After being the only candidate to run against Rep. Elise Stefanik in a bid to replace Rep. Liz Cheney as the No. 3 House GOP leader, Rep. Chip Roy joins Sarah and Steve in this week’s episode. This wide-ranging interview touches on the January 6 commission, how Republican voters perceive the party, the Cheney ousting, and potential 2024 Republican presidential candidates. Below are excerpts from a rushed transcript of the interview, please check against the audio.
On the January 6 Commission:
Sarah Isgur: Chip, you voted against the January 6 commission. And we’ve gotten a lot of emails from listeners, I’ve gotten tweets, “Hey, ask your buddy Chip Roy why he voted against it.” I’m gonna leave it open ended, just explain yourself.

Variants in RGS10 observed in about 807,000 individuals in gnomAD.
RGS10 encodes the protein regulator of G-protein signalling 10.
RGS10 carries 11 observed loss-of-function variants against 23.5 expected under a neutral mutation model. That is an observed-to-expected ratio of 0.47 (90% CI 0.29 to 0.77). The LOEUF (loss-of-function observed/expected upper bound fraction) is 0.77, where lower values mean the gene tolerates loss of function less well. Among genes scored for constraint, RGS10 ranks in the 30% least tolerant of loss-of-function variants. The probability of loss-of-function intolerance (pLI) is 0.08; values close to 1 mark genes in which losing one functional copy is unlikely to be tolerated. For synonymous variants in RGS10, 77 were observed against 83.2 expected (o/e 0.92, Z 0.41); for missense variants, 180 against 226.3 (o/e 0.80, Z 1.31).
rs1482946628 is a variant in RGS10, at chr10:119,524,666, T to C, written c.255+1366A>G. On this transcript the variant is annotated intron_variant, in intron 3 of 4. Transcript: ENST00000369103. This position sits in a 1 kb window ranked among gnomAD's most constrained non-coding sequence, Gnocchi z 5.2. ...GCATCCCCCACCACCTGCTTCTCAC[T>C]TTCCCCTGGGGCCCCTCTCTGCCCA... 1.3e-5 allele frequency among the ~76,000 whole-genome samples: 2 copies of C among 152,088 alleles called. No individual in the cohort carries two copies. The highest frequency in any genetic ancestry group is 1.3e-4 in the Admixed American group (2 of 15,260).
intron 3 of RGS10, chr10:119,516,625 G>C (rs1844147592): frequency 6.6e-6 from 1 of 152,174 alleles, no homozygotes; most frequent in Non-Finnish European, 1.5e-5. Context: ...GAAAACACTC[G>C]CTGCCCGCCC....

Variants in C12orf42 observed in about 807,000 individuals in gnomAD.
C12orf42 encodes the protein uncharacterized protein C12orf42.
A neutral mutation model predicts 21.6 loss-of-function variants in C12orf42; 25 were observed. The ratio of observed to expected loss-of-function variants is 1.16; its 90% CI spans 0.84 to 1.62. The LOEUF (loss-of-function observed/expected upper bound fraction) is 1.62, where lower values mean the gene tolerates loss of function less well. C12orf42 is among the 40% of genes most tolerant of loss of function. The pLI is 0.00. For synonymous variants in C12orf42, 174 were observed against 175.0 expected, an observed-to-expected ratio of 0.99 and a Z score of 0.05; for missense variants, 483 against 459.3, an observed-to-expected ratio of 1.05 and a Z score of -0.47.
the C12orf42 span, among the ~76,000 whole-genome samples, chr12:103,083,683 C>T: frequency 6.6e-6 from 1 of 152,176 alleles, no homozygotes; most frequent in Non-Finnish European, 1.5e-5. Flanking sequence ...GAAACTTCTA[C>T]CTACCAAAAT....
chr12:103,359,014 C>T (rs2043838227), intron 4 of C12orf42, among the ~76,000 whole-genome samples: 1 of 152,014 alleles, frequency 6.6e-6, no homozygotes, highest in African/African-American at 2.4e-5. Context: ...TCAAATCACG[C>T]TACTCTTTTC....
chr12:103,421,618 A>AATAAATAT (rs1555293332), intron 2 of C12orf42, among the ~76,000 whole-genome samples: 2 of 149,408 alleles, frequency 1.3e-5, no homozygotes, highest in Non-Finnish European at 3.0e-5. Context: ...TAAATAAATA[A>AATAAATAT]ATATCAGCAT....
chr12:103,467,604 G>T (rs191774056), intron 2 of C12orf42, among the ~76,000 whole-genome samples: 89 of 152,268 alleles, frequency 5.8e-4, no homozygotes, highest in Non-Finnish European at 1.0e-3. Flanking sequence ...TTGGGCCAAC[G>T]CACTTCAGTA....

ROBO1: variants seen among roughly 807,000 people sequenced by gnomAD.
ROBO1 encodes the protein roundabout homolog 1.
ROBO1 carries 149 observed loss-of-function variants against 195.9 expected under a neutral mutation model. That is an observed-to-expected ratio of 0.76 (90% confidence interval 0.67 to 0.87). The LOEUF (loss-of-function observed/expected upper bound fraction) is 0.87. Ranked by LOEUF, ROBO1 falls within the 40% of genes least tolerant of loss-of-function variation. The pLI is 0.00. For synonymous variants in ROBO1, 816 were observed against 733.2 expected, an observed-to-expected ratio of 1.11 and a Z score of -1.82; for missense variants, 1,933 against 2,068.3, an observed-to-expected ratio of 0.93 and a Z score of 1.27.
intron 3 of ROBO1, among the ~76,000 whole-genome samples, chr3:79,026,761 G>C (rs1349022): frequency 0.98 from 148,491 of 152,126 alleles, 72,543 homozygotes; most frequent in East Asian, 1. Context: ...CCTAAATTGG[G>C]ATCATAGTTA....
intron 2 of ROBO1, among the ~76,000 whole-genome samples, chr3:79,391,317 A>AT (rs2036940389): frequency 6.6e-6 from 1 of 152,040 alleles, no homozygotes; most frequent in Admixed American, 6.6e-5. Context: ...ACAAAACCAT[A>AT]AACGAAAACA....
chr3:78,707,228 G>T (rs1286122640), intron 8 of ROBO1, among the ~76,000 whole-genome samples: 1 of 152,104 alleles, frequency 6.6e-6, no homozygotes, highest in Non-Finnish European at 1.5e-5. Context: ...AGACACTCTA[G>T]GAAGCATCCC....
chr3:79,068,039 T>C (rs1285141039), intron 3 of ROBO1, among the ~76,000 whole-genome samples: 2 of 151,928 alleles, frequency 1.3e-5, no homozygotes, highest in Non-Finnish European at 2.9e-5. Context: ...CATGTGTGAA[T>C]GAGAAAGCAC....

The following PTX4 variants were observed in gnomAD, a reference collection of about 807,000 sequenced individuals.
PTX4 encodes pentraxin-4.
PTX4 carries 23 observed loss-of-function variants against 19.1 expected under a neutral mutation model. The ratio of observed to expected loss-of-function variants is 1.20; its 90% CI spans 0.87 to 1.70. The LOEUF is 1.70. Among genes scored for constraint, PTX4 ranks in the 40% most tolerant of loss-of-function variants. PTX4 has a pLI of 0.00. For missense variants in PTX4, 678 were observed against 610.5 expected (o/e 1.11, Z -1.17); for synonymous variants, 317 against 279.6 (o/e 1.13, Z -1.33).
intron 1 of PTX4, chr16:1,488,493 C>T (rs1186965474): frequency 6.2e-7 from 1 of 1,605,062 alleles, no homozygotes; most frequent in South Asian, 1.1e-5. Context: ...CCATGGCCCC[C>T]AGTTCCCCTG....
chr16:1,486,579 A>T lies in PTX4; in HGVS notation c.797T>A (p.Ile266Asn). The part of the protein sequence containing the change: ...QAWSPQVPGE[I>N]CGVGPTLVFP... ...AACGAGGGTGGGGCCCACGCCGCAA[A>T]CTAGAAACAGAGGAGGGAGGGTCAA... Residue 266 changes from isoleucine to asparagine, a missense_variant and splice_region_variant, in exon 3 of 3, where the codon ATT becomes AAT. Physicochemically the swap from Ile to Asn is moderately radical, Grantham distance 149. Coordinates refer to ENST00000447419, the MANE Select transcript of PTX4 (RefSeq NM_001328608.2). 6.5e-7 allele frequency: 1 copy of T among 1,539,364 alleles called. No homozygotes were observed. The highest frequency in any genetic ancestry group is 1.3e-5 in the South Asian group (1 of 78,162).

Rep. Roy: Explain myself, that’s a good, good way to start. So look, we—you guys know my position is pretty well-publicized, well-documented about my concerns on January 6 and my statements on the floor—both in terms of objection as well as, kind of, what went down and talking about the aftermath. I do think we need to obviously get to the bottom of what occurred. And right now, what I would say is “Pause for a second.” There are a lot of things at play at the moment. A lot of people are concerned about, “Well, you got to have this bipartisan commission.” Okay, well, why, why that bipartisan commission? Why that structure, that structure was just given to me I, of course, had no say in it, and then I was given an up or down vote on it. I have concerns as a former prosecutor, saying that in this case, we ought to have four leaders, you know, Speaker, the minority leader and then McConnell and Schumer, picking two handpicked people each that would then have subpoena power. And then be able to have this kind of ongoing effort and what we all have to recognize, wherever you come from on this whole issue is a highly charged, highly politicized environment. This is not the same in terms of unity of national view of diving into things as it was for example in the 9/11 commission or maybe the Warren Commission, which by the way was also highly political, or … the Commission for Pearl Harbor, I can’t remember the name of it. But these are monumental momentous things in our history where you come and you have these bipartisan commissions, I’m not sure I would have supported those commissions. I believe we have plenty of oversight authority in the House of Representatives, plenty of oversight authority in the United States Senate. As Dick Shelby said the other day is, like, “Well, you know, we’re in the process, we’re about to release reports on stuff we’ve already been looking into in research.” And by the way we were all here, and we all saw a lot of what occurred. And, and so I think there’s legitimate questions about the power that you’re giving, you got Democrat run staffing of the of the entity that was to be created, and I think it will basically create the environment for a continued fishing expedition and it continued politicized effort to go down this road. And I’ll just say this, when you go out into the district I represent, go out into the whole country, go out throughout the district Austin, San Antonio, talk to the people there who are upset because people may know, have been arrested, who have been, some are in jail. Some are being questioned about their presence at the Capitol at the time. For example, and one constituent who is a friend of a good friend of mine who was in fact, served with an arrest warrant, who presented video showing yes and he acknowledged in fact he crossed the barrier, but never went inside the Capitol, was never doing anything, has video of the whole time that he was in that particular moment, and had been, was telling people don’t go into Capitol yet, that guy was arrested for crossing the barrier. Let’s have oversight review these, let’s understand the arrests, let’s understand what’s happening. And then we can go through and make determinations using our powers in the House of Representatives. It’s just the way, the way I think we ought to go through it.